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United Airlines said it expects to ask bankruptcy court permission Monday to void its labor contracts unless employee unions agree to long-term pay and benefits concessions by then. Union chiefs have said such agreements are unlikely. If the OK is granted, the contracts would not be nullified until May 1, United said, to provide 45 more days for renegotiating terms. The carrier is aiming to cut its labor costs by $2.5 billion a year through 2008.

Philips Electronics followed through on a warning that it might close manufacturing plants, announcing its San Antonio, Texas, facility will be shut down later this year. The move is part of an overall program aimed at restoring profitability to its semiconductor division. In all, the company said it will eliminate 1,600 jobs, reduce production by 20 percent, and cut spending on research and development by $220 million.

Corus Group, the struggling metals-industry giant, conceded defeat in its attempt to sell much of its aluminum business. The company said it notified Pechiney, the French aluminum manufacturer, that their almost $1 billion deal was off. Corus's Dutch subsidiary had balked at the sale, at which point the parent company, formerly British Steel, launched an unsuccessful court challenge to force its completion.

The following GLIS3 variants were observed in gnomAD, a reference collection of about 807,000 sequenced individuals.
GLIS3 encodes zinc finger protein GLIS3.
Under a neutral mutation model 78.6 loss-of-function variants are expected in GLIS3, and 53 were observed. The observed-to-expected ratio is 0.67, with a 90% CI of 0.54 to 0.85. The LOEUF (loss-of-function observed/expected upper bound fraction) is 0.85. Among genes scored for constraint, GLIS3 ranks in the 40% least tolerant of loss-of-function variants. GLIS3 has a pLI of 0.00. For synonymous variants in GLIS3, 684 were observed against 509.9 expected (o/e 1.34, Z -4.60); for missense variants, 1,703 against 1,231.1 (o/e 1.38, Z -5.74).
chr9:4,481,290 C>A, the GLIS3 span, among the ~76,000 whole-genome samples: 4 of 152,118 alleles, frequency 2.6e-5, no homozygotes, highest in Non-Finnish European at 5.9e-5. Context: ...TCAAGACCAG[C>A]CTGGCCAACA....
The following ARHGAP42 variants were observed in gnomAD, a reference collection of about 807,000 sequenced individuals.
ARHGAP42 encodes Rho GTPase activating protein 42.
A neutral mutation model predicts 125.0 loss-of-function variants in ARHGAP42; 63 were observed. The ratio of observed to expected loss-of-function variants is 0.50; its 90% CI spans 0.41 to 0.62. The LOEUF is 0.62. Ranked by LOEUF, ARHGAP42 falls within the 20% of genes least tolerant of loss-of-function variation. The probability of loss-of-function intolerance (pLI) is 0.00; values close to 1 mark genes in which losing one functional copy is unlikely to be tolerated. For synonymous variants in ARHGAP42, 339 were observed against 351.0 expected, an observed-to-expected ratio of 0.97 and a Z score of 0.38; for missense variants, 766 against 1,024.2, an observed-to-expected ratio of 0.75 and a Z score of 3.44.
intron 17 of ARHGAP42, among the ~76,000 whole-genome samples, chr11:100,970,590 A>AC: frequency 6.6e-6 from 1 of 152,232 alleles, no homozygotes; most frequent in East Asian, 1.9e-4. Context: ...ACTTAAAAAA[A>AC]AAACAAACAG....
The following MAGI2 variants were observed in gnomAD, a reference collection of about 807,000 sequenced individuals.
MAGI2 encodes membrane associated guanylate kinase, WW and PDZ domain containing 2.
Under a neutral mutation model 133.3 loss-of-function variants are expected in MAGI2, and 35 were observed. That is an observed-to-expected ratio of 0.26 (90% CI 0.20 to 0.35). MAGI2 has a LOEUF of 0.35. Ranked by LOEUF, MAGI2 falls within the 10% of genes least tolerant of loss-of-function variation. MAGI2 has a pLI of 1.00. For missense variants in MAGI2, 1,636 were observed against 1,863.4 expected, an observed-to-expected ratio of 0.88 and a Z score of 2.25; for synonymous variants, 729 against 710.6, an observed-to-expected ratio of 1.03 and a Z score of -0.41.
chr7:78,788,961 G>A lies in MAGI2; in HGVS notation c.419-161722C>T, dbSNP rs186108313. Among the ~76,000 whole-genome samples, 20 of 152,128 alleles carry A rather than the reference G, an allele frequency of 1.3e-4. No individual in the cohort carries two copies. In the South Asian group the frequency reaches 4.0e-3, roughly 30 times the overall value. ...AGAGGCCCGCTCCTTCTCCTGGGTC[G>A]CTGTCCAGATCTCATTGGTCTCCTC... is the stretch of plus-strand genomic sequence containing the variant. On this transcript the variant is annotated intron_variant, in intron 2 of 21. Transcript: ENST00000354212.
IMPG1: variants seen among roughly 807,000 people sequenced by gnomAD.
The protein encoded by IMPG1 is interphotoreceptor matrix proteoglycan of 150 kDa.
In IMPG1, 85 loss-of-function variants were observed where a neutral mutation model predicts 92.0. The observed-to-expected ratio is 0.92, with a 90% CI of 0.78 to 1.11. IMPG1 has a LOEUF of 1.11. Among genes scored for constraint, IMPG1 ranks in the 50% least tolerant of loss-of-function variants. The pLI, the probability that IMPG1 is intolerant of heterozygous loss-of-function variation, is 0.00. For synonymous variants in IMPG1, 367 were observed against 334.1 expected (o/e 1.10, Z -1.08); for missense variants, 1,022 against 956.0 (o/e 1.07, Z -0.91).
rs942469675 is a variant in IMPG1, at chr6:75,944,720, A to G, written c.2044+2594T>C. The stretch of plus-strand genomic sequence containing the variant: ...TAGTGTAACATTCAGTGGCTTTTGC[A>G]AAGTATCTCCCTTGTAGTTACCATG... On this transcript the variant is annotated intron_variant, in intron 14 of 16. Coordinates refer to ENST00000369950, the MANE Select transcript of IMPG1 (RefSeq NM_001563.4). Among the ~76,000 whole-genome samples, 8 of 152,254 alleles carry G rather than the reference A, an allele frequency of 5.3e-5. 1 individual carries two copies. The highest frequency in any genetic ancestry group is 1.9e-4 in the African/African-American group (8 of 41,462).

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By a 3 to 1 margin, shareholders in Six Continents PLC voted Wednesday to proceed with plans to split the hotel/restaurant business. The vote also meant a rejection of entrepreneur Hugh Osmond's request for a two-month delay to consider his unsolicited $9 billion bid for the entire company. Six Continents, which owns Inter-Continental, Crowne Plaza, and Holiday Inn hotels and several British pub chains, said the split would begin as planned April 15.

Magellan Health Services Inc., the US's largest provider of behavioral care, filed for Chapter 11 bankruptcy protection, citing a debt of $1.47 billion, much of it accumulated in an expansion program in the late 1990s. The Columbia, Md., company said it did not expect to cut jobs.

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